The problem with the current university system (public and private) is that it’s not producing students who are actually qualified for the jobs they want. By teaching students to think like employees instead of self-reliant individuals, and by not inculcating critical thinking skills in them, universities are training graduates for jobs that no longer exist.

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That’s not to say that the system is completely broken. There are some private institutions out there that are producing students who understand how to think critically, work well in teams, and contribute to a modern economy. But these institutions are few and far between, and they’re often more expensive than an average private university.

The Solution

An education system that meets the needs of a rapidly changing world is crucial. But this will be difficult to achieve if the government continues to focus on higher education institutions as mere providers of degrees — and not as engines of innovation and change. Today’s job market will not be able to absorb an army of unskilled graduates, and until the system is reformed no one should expect anything different.

The solution lies in aligning the graduates with the job market — not just with the current job market, but also with the future of jobs. This is where the Ministry of Higher Education and Scientific Research needs to step in and take on a larger role in shaping education.

The Ministry should encourage universities to focus on the development of employable skills, rather than just academic knowledge. It needs to invest more in how universities shape their visions and curriculums, and what skills students should be learning. It also needs to look at why private universities are charging so much for their degrees — and whether the price is justified by the value of the education provided. And why not accredited online education and create more flexible pathways so that students can study at home and work while they learn?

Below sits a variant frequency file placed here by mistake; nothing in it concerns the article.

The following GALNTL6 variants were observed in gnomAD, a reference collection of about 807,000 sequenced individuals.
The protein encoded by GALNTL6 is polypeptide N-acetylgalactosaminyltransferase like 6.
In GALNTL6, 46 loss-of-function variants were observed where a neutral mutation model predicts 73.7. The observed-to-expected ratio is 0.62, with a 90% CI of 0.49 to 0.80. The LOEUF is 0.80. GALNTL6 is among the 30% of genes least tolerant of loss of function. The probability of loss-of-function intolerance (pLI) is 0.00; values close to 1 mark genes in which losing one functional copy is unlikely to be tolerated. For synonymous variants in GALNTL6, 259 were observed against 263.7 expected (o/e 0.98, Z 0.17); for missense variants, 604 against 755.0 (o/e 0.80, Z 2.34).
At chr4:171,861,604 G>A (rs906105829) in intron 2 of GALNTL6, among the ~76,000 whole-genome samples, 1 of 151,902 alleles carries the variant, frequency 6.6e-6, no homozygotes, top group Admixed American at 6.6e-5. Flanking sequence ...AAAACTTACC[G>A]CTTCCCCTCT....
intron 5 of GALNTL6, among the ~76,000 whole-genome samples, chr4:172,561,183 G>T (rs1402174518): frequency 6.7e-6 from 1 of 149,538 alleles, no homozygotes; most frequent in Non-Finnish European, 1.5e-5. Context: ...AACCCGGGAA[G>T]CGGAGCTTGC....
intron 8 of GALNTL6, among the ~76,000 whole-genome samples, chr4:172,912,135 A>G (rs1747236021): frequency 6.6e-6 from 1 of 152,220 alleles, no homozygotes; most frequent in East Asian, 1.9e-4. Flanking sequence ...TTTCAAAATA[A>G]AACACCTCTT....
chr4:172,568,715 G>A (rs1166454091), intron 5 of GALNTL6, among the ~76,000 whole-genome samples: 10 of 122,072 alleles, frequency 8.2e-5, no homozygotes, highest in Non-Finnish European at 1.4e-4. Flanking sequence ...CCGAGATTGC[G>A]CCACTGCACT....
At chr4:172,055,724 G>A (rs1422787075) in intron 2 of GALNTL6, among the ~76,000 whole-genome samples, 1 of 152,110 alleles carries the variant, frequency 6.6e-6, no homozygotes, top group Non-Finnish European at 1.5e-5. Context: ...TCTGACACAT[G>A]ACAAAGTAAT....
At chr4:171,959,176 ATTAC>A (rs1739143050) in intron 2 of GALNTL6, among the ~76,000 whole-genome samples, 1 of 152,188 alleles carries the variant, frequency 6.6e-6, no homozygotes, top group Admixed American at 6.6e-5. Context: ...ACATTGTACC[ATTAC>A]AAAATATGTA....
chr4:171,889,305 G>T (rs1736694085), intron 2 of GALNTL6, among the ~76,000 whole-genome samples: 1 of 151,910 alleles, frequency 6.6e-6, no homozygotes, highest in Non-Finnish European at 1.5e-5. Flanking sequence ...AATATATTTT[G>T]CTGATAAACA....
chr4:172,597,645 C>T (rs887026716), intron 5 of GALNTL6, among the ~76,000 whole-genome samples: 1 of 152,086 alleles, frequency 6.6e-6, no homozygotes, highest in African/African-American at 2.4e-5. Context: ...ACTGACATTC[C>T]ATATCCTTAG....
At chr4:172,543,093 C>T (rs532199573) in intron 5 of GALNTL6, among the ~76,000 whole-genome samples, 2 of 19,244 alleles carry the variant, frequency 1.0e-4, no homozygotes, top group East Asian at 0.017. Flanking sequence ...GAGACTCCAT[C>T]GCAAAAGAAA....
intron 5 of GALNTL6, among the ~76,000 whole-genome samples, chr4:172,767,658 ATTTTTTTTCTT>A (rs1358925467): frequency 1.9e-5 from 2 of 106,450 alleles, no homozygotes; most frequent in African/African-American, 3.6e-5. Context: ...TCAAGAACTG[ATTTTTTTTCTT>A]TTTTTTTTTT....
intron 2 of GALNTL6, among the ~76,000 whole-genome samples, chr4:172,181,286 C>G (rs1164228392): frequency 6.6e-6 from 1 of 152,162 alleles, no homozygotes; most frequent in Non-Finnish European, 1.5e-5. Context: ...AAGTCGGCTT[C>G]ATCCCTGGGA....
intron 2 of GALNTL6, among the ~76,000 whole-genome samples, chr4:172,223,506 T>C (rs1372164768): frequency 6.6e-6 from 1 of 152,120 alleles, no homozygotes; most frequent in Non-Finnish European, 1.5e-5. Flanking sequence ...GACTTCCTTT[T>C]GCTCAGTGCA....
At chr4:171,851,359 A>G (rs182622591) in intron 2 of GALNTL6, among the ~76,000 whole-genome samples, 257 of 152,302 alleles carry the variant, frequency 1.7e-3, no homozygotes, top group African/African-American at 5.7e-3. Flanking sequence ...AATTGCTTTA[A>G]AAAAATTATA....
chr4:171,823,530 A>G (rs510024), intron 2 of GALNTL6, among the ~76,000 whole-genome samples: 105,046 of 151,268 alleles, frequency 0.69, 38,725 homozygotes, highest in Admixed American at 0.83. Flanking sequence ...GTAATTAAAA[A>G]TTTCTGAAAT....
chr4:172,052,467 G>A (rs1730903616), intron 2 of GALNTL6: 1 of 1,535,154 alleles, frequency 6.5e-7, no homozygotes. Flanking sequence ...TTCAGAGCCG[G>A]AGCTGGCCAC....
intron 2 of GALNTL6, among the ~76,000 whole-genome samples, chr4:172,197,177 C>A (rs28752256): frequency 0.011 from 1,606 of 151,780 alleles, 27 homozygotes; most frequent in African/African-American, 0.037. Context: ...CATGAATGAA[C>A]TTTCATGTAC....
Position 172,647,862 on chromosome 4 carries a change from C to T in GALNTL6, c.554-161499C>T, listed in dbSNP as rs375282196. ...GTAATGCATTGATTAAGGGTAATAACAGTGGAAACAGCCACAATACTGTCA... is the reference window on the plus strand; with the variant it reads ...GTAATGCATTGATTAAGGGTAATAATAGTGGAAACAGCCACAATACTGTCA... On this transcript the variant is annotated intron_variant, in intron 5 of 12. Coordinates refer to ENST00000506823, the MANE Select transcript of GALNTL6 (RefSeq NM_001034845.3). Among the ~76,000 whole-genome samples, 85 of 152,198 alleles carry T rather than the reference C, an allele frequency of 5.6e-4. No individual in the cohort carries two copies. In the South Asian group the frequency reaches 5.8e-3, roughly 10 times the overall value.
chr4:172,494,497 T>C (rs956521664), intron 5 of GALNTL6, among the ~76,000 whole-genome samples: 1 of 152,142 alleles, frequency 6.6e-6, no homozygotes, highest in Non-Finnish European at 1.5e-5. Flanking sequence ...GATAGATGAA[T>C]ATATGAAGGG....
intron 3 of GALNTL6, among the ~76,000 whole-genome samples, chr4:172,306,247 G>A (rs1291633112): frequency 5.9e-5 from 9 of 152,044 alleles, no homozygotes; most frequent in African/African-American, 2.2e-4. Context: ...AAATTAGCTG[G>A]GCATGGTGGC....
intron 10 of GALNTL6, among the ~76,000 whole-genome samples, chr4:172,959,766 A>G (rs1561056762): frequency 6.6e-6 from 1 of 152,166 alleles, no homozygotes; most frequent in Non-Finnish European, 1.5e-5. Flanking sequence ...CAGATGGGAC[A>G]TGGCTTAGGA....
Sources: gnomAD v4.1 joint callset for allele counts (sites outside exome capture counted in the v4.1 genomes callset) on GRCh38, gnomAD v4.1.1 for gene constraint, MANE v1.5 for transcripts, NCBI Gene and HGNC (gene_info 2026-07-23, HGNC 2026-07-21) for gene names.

The government should also consider an appropriate education budget that would help it plan and implement improvements. Iraq is spending less than 5% of its national budget on education[4]. It needs to invest more in research and development so that universities can develop new technologies, products, and services — instead of just relying on foreign donors for support.

For a long time, the Ministry has been playing a key role in shaping how universities are run, but it hasn’t been very successful at modernising the system. The new minister needs to push forward a vision for higher education that is aligned with the changing demands of employers and students alike.

Iraq’s higher education system needs a complete overhaul. It needs new policies, better funding, and more international partnerships to help it become more relevant and responsive to the needs of students, employers, and society as a whole.

[1] IMN: https://magazine.imn.iq/%D8%B3%D9%8A%D8%A7%D8%B3%D9%8A%D8%A9/180-%D8%A7%D9%84%D9%81-%D8%AE%D8%B1%D9%8A%D8%AC-%D8%B3%D9%86%D9%88%D9%8A%D8%A7-%D9%8A%D9%86%D8%B6%D9%85-%D8%A7%D8%BA%D9%84%D8%A8%D9%87%D9%85-%D8%A7%D9%84%D9%89-%D9%82%D9%88%D8%A7%D8%A6%D9%85-%D8%A7/

[2] World Bank: https://www.worldbank.org/en/news/press-release/2022/02/24/supporting-tertiary-education-in-iraq-through-stronger-connections-to-the-labor-market

[3] INA: https://www.ina.iq/174331–2030.html

[4] World Bank: https://data.albankaldawli.org/indicator/SE.XPD.TOTL.GD.ZS

Abdulla Thaier

Freelance Writer